Image Correlation Spectroscopy

Image correlation spectroscopy (ICS) is a fluorescence fluctuation analysis that analyzes the spatial fluctuations within an image instead of the temporal fluctuations [1,2]. Assuming an ergodic system, the ensemble (or spatial) average and time average are equivalent. Hence, the spatial autocorrelation function also provides information regarding the average number of particles in the observed volume. Data from any microscope that is capable of taking images, such as TIRF or confocal microscopes, can be used for ICS. The correlation of higher order moments like the skewness (3nd) and the kurtosis (4th) of the image intensity distribution allows separation of two molecular species (e.g. monomers versus dimers) within cells [3]. ICS can be applied to either live or fixed cell samples and, by selecting certain regions of interest (ROIs), the characteristics of molecular complexes between different cellular components e.g. between focal adhesions and the nucleus can be compared. The method can be further extended by using both the spatial and temporal information available in a series of images (temporal Image Correlation Spectroscopy (tICS, [4]) or Raster Image Correlation Spectroscopy (RICS, [5]) to study the dynamics of the formation of molecular complexes. Depending on the image acquisition scheme, slow (tICS of image data) or fast movements (RICS from scanning data) can be addressed. Cross-correlation spectroscopy (ICCS, [4]) of two different labeled species contains information about molecular interactions.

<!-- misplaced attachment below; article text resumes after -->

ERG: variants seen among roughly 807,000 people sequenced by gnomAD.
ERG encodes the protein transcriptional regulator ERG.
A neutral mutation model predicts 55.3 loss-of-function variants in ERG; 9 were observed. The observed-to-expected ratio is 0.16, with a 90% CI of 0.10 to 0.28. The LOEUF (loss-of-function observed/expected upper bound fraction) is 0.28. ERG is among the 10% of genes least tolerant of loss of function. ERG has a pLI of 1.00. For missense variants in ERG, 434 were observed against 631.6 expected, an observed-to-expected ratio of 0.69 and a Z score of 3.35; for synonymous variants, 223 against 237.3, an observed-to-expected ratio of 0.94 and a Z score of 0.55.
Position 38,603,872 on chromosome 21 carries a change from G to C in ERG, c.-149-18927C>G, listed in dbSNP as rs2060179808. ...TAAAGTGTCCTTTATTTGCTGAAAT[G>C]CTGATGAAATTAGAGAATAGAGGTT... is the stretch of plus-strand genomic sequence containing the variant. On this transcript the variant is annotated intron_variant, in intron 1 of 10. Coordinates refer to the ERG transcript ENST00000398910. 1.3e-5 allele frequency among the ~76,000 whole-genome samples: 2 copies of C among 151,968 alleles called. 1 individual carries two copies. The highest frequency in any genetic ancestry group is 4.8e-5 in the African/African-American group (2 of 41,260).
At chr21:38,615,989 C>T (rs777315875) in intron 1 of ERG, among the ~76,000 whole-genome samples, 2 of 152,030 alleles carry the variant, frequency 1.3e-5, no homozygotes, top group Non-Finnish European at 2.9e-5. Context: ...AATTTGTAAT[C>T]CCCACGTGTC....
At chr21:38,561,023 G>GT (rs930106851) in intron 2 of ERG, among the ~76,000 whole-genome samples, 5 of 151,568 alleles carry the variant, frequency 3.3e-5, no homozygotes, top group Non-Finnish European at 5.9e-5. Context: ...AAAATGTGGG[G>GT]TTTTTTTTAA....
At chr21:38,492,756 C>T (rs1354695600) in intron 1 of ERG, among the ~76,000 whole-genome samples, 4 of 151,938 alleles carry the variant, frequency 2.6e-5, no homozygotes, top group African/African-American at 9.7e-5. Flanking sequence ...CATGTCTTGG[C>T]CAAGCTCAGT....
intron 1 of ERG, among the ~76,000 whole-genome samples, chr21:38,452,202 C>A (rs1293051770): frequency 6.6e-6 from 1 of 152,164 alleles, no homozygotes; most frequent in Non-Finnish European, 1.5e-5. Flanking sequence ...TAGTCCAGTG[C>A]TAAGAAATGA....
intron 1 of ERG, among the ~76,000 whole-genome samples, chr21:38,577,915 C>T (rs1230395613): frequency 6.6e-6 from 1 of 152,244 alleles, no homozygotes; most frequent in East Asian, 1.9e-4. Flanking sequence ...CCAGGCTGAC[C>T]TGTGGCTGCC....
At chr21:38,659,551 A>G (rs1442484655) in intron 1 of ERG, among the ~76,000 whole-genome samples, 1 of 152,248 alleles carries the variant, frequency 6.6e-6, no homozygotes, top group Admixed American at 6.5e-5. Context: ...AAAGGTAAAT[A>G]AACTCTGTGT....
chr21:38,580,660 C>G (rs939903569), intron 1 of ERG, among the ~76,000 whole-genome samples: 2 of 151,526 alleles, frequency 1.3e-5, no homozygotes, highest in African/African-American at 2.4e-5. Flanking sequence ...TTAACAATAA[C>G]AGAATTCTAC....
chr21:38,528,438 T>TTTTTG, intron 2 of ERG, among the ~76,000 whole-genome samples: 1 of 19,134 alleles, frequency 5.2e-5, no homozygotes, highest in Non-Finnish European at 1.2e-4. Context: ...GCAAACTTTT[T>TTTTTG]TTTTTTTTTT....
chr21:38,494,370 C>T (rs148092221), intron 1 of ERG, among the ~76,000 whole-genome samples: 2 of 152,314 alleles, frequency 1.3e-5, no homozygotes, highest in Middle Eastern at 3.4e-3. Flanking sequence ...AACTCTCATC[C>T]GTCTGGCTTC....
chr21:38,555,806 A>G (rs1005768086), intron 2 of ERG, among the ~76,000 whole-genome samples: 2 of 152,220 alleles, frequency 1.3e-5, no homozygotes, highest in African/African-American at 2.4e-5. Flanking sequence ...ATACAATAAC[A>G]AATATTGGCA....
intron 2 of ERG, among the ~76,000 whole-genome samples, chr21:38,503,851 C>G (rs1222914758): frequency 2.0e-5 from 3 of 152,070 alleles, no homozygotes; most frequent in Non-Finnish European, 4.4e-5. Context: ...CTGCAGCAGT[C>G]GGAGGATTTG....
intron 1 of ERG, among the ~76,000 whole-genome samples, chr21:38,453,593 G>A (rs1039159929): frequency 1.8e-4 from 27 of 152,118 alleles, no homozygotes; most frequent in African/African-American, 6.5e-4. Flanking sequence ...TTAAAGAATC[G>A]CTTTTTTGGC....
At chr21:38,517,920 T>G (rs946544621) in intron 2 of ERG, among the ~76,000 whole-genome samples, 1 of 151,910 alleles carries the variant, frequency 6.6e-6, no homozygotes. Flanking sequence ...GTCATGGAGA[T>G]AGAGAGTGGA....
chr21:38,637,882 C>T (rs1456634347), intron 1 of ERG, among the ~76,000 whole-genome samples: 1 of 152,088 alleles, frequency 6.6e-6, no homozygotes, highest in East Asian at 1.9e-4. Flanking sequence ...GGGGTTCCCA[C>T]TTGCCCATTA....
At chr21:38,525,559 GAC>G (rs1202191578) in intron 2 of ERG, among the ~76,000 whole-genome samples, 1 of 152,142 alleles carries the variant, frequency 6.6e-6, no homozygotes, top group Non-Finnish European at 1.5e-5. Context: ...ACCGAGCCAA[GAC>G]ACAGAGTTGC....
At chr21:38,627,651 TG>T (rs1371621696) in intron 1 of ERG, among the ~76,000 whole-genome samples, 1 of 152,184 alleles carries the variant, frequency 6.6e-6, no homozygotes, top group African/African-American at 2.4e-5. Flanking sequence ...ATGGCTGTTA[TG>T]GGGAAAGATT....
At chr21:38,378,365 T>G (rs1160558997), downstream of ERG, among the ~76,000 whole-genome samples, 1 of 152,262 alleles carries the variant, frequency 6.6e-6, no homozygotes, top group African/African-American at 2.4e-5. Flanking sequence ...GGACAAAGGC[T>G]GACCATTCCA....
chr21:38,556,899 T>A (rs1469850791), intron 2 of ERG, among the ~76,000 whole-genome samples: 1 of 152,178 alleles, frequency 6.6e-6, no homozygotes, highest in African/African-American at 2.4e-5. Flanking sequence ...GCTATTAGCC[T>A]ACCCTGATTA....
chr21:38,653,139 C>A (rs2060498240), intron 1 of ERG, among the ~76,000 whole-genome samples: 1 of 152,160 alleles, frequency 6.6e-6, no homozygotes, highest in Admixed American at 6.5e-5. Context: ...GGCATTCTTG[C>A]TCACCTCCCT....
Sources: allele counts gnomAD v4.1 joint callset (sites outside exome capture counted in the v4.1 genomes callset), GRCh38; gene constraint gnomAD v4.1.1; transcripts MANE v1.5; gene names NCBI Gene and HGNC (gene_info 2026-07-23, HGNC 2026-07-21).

[1] Petersen, N. O., et al. "Quantitation of membrane receptor distributions by image correlation spectroscopy: concept and application." Biophysical journal 65 (1993): 1135-1146.

[2] Wiseman, P. W., and N. O. Petersen. "Image correlation spectroscopy. II. Optimization for ultrasensitive detection of preexisting platelet-derived growth factor-b receptor oligomers on intact cells." Biophysical Journal 76 (1999): 963-977.

[3] Sergeev M., et al. "Measurement of monomer-oligomer distributions via fluorescence moment image analysis." Biophysical Journal 91 (2006): 3884-96.

[4] Srivastava, Mamta and N.O. Petersen. "Image cross-correlation spectroscopy: A new experimental biophysical approach to measurement of slow diffusion of fluorescent molecules." Methods in Cell Science 18 (1996): 47-54.

[5] Digman, M. A., et al. "Fluctuation Correlation Spectroscopy with a Laser-Scanning Microscope: Exploiting the Hidden Time Structure." Biophysical Journal 88 (2005): L33-L36.

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